Smaller in stature than the American or Chinese chestnuts, but with similar lustrous dark green toothed leaves and long pale yellow spiky flowers. Prickly 1–1½" burs each house a single glossy brown nut, savored by many birds and mammals. The sweet nuts are edible for humans, though labor-intensive to harvest. Once an important food for indigenous peoples. Forms a small tree or big multi-stemmed thicket-forming shrub with horizontally spreading lower branches and upright climbing top branches. Densely grained, strong but light wood is used for fence posts and fuel.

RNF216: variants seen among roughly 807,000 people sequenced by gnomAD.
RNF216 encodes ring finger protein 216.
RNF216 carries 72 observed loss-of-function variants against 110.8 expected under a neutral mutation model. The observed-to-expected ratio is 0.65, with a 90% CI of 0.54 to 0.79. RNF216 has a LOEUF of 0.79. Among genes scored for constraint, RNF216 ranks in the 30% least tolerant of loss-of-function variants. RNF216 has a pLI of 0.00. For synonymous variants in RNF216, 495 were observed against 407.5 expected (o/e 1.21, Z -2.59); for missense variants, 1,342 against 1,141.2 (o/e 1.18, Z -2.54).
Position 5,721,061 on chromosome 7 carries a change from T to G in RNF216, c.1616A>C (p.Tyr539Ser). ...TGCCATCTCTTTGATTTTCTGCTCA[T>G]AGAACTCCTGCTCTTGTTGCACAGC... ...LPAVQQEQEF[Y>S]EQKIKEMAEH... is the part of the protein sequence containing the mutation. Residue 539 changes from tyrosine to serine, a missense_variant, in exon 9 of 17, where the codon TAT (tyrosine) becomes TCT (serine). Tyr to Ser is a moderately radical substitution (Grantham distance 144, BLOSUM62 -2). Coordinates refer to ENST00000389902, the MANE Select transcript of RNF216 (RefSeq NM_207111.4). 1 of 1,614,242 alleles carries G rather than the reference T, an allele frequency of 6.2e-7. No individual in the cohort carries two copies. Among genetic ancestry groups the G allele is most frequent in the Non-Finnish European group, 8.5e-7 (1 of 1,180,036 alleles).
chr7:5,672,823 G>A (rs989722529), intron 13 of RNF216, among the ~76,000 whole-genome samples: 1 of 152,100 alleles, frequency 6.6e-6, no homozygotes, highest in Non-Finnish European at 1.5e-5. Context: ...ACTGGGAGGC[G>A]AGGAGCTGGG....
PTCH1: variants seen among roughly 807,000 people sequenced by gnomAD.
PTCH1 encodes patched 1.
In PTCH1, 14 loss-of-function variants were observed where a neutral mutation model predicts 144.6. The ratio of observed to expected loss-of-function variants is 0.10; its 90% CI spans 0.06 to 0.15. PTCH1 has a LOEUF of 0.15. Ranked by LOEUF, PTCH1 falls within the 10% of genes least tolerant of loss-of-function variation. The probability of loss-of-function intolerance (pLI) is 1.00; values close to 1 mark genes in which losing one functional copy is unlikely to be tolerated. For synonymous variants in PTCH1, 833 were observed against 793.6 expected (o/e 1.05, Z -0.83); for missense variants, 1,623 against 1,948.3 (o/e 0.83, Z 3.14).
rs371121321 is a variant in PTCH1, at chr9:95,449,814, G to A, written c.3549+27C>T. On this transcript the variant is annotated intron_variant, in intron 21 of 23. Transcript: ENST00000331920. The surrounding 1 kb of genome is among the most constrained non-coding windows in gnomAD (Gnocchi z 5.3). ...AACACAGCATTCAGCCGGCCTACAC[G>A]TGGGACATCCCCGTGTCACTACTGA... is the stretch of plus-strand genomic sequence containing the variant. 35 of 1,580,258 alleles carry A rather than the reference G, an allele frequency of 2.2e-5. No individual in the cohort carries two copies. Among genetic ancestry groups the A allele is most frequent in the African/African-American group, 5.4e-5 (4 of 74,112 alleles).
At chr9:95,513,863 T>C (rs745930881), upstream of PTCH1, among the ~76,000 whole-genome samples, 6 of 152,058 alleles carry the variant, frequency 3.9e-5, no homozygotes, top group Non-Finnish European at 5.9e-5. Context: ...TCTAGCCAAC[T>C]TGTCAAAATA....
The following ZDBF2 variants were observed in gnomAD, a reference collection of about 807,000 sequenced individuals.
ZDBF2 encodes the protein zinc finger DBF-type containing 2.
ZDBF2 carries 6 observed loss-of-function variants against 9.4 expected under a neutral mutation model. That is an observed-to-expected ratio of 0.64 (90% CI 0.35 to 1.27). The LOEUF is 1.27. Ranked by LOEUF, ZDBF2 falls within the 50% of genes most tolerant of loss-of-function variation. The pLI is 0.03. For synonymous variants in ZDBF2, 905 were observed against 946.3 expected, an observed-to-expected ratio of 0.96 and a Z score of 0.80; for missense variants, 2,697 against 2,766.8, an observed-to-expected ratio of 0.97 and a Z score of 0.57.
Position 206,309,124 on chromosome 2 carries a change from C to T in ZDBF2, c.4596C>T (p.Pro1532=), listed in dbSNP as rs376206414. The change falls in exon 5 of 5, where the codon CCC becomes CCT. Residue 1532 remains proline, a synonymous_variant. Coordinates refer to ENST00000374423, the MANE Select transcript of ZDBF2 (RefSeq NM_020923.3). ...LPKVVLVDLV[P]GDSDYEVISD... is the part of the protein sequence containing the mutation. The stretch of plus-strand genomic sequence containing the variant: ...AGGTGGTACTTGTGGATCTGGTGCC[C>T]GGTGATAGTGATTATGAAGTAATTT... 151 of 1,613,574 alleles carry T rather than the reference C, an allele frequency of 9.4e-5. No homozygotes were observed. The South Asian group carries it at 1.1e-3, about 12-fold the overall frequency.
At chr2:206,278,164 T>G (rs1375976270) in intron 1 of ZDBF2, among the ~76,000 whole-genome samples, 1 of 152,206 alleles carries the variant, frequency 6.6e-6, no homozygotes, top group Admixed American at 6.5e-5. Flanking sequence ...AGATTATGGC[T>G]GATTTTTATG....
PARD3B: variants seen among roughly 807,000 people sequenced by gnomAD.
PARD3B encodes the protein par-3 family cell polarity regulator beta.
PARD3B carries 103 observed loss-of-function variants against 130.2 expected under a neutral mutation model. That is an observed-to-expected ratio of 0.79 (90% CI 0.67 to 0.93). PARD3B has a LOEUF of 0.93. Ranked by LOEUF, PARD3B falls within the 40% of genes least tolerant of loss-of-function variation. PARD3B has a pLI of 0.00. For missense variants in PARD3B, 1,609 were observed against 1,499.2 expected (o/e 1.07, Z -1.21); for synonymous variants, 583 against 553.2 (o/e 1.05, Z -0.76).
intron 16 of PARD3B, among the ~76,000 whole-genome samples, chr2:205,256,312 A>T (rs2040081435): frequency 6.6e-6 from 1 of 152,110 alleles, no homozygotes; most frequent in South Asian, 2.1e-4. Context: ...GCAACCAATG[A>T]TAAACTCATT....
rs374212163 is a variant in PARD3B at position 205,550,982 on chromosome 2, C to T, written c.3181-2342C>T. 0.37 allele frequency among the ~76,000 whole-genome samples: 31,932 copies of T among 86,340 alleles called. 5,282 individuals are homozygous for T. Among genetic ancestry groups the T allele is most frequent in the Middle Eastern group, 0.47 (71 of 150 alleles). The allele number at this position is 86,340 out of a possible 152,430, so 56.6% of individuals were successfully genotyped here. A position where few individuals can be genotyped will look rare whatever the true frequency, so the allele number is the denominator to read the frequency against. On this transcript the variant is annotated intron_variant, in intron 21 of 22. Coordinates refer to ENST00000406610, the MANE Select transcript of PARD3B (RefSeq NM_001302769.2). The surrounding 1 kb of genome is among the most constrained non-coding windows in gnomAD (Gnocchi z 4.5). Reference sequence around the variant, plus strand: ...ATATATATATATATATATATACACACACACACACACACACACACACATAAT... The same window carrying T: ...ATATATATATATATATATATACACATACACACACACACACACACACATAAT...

Somewhat resistant to chestnut blight, and can often survive infections. Prefers well-drained soil; pH adaptable. Full sun to partial shade. Monoecious, so plant two or more for pollination. May hybridize with other Castanea species. Native to much of central and eastern U.S. but scattered and becoming rare in the wild. Z4. (1–3' bare-root trees)
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